While actively drinking and acting out while living with this woman, I was actively drinking away my rent money, week in and week out. Meanwhile, unbeknownst to me, my friend quit drinking and was going to A.A. While I was the alcoholic tornado twisting up her life. Hence, I committed the first of the two sins listed above. (interfering with the growth of another human being).
She changed the locks, and forced me to live in the clothes off my back while I worked another week to pay off the rent that was already late, then she asked me to move out. Many years would pass before I got sober the first time.
And one night I walked into a meeting in South Miami and there was my friend, now four years sober. I had been sober less than two. Needless to say I had to make some amends to her for my behavior. I ruined that relationship with my drinking. My friend was a beautiful and kind woman, and I treated her like shit while I was drinking.
As an active alcoholic, having had two kicks at the can, I interfered with my own growth. The first time around was so important that I get it and keep it. Because of the depth of need I had to desire the will to live. And the desire to live went hand in hand with staying sober.
But like I have shared in the recent past, I got in my own way. I thought I knew what was good for me at the time, I prepped for my SLIP. Keeping secrets and telling half truths. Hurting my best friends all because of an urge of the groin.
Once I committed to that geographic, and once I got there, there was no turning back. I was stuck. Thankfully I had one angel who knew where I was and what shape I was in when they came to take me away. There were periods of dry time before I came back the second time. Once I started drinking again, I could not stop. It was a compulsion.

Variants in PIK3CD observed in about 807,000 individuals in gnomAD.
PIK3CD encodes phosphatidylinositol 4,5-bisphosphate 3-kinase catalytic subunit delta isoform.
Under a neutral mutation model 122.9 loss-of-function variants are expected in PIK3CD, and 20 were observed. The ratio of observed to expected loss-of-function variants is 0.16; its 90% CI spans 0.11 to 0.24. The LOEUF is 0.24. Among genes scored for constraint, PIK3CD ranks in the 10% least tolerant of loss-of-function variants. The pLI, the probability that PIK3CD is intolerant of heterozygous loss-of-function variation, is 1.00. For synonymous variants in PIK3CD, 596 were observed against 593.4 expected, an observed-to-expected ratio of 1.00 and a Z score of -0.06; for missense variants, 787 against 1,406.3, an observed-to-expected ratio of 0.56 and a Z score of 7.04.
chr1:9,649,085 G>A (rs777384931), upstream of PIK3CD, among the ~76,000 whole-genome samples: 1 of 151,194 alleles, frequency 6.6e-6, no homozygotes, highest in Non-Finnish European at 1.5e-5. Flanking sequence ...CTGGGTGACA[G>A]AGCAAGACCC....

I think about my entire story of my drinking career. There was rampant alcoholism in my family, but nobody did anything about it. We accepted it as our lot in life and there was no solution. And when I started drinking as a teen-ager nobody told me to stop. Or asked me to stop, or offered a solution to stop.
When I came out, my shrink, told me this piece of advice. He said “you know if you want to get into the gay community, go to the bar, sit down and have a drink, ‘hell have two’ and see what happens.” I had permission to drink because it was going to get me somewhere in life. Hence, it was the drink I needed to fit in, to be part of, and to not be alone.
I did not know how to stop. Nor did anyone suggest a way out. Not that I went looking for a way out. I was a young boy lost in the big world, I tossed away more than a decade of time to the drink.
We all have our journey that we must walk. And everything happens for a reason. And when it was my time to stop, I was finally finished with the drink.
In this story we read tonight, our man exhausted his families good graces, he took their money and bilked them of more and more until they said “enough.”
He ended up in jail several times and into an alcoholic hospital several times as well. Like a cat with nine lives, our man used up all of his lives drinking. Until he came to the end of his drinking. At the time he wrote this story he was 8 years sober. But he admits to being human and having issues with self and ego, even in sobriety. And when you read the story in its entirety, he mentions that clearly.
For some, when they finally dry up and get sober, they begin to regain the things they lost, like family, money, and happiness. Wealth of spirit and love grows up around you it isn’t about regaining riches or wealth. But now we are sober we get to do it over again, start anew, to rebuild the shattered lives we once lived.
I did not get all those things back when I got sober.
I made two decisions in sobriety.
The first decision came a few years into my first sobriety.
Being Gay and HIV+ was a terrible downer for me. My ultra orthodox catholic family could not stomach a fag in the family. And surely not if that fag had AIDS. My father beat into me that I was a mistake for the whole of my life. And during the first few years of sobriety, I was living alone by the grace of God and some good friends who were taking care of me.